"When do you not need to simulate users?" is probably a better question. Seems to me like this is when you know that your endpoints are all independent in performance, you don't have any stateful requests, and the ordering of requests does not impact performance. These are big things to assume and it's hard to have confidence in them without testing their independence, at which point, we're back to writing that whole dang test.

The best you can do here is probably at the API and system design time, not at your test time. If you design a simpler API, you're going to have far less surface area to test. If you design a system with more certainly independent pieces (distinct databases per service, for example) then it's easier to test them in isolation than in a monolith. Doing this also lets you use a tool that is simpler, so you get two wins!

Writing the tests is hard. So is maintenance.

Creating a load test is hard because you have to do a few things: you have to understand what the flow through usage of your API is, and you have to write a simulation of that usage. Understanding that flow means understanding other systems than the one under test and since your system is presumably not the focus of their documentation, there is not going to be a super clear diagram of when and how it's called; this often looks like sifting logs until you figure out what the representative usage is. And then writing that simulation is certainly not trivial, because you need to manage the state for a large number of actors representing users of your API!

Oh, and you get to write integration tests for this now, too.

There's some research out there on how to make some of these tasks easier. You can figure out what you need for the initial test, and detect regressions (missing new workloads) from automated analysis of the logs, for example. But as far as I can tell, there is no software on GitHub, let alone a product I can buy, that's going to do that for me. So it doesn't seem like it has much of any traction in industry. It would be a big project to implement it on your own, which might be why it has languished (or is done at big companies, and is not spoken of).

Maybe don't load test everything?

There's a lot of complexity in load tests, and there is not a lot of tooling to help you with it. So maybe the answer is: write fewer of these types of tests, and don't expect them to give you all the answers to how your system performs.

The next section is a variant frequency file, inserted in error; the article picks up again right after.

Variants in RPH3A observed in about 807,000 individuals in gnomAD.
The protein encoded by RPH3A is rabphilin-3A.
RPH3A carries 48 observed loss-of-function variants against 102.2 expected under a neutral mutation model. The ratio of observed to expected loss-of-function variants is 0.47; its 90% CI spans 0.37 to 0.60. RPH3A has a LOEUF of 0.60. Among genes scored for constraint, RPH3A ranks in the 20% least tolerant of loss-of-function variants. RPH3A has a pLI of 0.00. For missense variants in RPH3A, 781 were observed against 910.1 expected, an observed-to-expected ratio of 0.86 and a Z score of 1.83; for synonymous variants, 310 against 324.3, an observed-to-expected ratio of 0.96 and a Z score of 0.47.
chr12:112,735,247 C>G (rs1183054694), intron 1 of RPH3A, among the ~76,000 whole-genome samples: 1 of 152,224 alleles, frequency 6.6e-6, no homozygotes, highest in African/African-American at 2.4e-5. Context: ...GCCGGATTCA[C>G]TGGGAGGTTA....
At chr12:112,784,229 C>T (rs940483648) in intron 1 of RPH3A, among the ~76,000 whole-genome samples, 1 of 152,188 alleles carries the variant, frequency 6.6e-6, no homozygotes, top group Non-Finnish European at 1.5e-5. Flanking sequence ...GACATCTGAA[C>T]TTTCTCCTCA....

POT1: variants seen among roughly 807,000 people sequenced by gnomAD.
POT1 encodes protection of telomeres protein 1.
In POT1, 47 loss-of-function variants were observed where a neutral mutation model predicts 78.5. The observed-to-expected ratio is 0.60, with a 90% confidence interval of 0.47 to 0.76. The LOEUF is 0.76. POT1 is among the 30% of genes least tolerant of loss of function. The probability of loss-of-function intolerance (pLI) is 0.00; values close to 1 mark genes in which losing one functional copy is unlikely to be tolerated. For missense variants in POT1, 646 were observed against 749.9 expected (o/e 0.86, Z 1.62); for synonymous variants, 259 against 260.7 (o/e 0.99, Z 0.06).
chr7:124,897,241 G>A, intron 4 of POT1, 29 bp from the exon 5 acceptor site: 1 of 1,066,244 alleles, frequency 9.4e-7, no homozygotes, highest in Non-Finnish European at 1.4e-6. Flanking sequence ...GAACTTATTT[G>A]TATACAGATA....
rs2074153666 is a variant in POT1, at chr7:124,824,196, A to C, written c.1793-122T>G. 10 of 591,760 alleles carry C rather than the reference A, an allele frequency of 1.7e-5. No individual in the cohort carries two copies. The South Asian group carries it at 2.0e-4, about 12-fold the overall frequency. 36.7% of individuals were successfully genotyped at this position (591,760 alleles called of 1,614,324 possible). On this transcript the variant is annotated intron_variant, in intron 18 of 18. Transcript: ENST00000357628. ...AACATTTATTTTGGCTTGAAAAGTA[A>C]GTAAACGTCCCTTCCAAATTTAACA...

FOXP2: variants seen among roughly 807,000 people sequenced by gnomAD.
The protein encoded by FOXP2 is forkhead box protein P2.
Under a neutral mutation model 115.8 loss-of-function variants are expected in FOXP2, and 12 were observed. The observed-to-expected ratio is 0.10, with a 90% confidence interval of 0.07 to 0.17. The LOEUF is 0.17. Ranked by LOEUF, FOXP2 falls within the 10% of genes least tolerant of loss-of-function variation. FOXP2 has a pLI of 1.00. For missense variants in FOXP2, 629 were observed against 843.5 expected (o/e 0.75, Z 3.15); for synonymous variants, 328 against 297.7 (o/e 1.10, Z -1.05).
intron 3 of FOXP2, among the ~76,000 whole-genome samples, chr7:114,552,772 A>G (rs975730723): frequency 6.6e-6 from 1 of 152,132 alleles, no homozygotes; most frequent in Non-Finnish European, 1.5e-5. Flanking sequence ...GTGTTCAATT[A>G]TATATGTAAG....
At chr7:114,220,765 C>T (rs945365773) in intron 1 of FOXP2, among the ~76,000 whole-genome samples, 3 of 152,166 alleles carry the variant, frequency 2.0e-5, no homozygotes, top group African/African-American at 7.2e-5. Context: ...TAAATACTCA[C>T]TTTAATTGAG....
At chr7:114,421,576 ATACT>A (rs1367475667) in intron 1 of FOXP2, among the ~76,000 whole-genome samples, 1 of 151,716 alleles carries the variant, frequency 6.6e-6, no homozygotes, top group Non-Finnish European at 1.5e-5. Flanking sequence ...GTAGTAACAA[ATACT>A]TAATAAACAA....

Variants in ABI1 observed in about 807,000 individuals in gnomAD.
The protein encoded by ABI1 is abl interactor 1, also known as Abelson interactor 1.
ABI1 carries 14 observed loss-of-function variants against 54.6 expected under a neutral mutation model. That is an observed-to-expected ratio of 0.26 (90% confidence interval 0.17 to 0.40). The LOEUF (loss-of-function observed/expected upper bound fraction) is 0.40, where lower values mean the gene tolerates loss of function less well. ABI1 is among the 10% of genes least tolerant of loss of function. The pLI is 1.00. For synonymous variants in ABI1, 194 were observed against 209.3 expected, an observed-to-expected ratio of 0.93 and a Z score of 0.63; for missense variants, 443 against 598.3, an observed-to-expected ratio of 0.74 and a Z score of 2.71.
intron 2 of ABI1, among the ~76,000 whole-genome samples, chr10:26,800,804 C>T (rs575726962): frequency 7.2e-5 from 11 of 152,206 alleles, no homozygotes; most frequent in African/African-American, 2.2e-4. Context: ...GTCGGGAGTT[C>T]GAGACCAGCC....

You have a few options for getting a great picture of how your system performs:

  • Good old analysis. Sit down with a notebook, a pen, an understanding of your systems as a whole, and an afternoon to spare, and you can figure out with some napkin math what the general parameters and bounds of scaling on your system are. When you find the bottleneck, or you have some unknowns (how many transactions per second can our database support? how many do we generate?) then you can go test those specifically!
  • Feature rollouts. If you can roll out features slowly across your users, then you don't necessarily have to do any load testing at all! You can measure performance experimentally and see if it's good enough. Good? Roll forward. Bad? Roll back.
  • Traffic replay. This doesn't help at all with new features (see feature rollouts ten words ago for that) but it does help with understanding your system breaking points for existing features without as much development. You can take the traffic you saw before and replay it (multiple times over, even, by combining multiple different periods' traffic) and see how the system performs! (Side note: I would love tooling to help with this, and with amplifying traffic when doing this, so if anyone has a recommendation... hit me up.)

If you have some silver bullet I've missed, or a fantastic research paper in this area you'd recommend reading, or a story of terrible times with scaling that you want to share with me, please email them to me@ntietz.com.